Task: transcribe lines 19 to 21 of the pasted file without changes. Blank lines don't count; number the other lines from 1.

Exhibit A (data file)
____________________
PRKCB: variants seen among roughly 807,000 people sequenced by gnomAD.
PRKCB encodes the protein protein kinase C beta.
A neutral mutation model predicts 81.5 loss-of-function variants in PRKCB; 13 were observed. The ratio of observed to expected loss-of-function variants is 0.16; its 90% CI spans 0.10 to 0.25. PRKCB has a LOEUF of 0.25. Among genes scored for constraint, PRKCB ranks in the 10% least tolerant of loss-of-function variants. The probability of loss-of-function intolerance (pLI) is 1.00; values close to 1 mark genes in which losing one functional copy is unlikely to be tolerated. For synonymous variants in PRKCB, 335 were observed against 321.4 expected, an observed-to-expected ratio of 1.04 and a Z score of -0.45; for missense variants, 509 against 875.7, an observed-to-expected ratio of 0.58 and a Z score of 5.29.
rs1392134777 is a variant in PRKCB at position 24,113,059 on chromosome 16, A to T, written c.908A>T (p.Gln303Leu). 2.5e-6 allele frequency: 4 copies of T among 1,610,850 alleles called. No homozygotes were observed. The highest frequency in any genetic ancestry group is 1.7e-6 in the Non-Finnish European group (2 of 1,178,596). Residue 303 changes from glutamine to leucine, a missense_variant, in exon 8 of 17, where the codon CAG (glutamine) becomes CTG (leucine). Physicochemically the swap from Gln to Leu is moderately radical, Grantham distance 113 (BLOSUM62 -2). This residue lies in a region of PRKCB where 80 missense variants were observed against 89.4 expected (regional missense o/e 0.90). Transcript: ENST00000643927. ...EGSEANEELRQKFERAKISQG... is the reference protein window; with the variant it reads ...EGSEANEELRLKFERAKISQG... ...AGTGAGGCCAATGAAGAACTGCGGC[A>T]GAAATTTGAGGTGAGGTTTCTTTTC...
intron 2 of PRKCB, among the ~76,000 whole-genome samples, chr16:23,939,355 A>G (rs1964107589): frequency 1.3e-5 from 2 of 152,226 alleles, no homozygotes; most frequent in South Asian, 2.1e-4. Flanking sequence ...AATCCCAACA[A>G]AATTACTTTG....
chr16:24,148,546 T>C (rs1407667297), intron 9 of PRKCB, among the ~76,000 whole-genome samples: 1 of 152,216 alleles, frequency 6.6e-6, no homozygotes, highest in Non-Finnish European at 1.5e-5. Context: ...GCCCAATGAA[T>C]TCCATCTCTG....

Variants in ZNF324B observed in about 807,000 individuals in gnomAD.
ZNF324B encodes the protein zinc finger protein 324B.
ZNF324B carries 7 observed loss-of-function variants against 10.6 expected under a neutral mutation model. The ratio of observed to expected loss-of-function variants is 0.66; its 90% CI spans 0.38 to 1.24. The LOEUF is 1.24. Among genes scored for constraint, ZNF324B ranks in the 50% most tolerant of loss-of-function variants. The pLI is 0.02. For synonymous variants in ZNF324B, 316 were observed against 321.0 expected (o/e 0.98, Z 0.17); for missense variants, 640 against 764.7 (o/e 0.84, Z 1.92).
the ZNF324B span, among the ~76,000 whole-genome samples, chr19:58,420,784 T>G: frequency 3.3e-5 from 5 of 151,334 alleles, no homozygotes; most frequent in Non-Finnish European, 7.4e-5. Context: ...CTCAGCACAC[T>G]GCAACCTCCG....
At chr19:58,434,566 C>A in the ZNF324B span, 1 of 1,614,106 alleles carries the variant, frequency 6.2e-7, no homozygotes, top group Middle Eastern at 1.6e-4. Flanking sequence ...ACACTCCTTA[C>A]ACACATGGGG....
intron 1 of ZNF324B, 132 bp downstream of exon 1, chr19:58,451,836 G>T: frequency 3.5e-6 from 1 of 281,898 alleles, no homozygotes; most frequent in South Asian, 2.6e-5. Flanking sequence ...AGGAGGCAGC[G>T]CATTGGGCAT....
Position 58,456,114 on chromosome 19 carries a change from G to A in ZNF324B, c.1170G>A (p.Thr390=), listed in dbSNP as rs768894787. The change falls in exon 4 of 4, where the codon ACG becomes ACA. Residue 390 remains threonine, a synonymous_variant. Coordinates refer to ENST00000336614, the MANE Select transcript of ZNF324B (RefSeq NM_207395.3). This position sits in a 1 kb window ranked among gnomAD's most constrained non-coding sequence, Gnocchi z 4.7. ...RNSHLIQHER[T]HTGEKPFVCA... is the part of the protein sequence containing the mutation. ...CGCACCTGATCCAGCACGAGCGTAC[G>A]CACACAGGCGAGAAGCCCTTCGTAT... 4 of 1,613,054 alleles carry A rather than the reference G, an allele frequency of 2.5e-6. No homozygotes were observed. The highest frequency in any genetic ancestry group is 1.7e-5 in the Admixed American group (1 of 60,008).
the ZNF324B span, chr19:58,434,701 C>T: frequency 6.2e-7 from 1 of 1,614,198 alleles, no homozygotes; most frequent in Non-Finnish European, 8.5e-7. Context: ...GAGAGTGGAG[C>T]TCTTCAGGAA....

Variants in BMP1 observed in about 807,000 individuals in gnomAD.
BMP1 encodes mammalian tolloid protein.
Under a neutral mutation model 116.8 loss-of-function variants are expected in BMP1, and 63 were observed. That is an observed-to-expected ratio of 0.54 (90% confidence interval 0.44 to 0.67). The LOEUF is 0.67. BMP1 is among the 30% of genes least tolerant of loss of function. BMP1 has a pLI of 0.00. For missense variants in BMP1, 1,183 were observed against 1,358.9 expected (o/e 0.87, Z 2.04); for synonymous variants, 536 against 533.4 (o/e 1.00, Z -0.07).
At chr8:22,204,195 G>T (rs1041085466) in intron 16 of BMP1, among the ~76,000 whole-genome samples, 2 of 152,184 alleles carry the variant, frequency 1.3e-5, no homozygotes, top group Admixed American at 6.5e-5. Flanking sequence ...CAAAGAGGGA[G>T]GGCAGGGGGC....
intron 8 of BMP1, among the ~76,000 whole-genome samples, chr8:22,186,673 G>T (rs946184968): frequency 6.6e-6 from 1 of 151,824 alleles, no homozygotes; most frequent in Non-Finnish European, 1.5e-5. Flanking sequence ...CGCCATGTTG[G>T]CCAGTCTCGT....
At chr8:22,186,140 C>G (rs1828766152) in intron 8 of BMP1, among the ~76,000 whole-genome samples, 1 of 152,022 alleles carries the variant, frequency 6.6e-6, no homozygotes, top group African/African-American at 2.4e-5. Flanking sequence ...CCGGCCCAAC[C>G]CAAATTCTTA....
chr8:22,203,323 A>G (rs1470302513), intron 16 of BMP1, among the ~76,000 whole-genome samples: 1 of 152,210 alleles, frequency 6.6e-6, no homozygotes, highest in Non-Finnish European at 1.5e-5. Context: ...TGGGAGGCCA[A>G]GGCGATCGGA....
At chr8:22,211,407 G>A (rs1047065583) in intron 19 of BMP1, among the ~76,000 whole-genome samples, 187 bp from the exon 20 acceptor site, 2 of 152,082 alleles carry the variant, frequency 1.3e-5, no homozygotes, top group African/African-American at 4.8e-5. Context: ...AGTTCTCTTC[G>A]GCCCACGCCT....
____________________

intron 8 of BMP1, among the ~76,000 whole-genome samples, chr8:22,186,673 G>T (rs946184968): frequency 6.6e-6 from 1 of 151,824 alleles, no homozygotes; most frequent in Non-Finnish European, 1.5e-5. Flanking sequence ...CGCCATGTTG[G>T]CCAGTCTCGT....
At chr8:22,186,140 C>G (rs1828766152) in intron 8 of BMP1, among the ~76,000 whole-genome samples, 1 of 152,022 alleles carries the variant, frequency 6.6e-6, no homozygotes, top group African/African-American at 2.4e-5. Flanking sequence ...CCGGCCCAAC[C>G]CAAATTCTTA....
chr8:22,203,323 A>G (rs1470302513), intron 16 of BMP1, among the ~76,000 whole-genome samples: 1 of 152,210 alleles, frequency 6.6e-6, no homozygotes, highest in Non-Finnish European at 1.5e-5. Context: ...TGGGAGGCCA[A>G]GGCGATCGGA....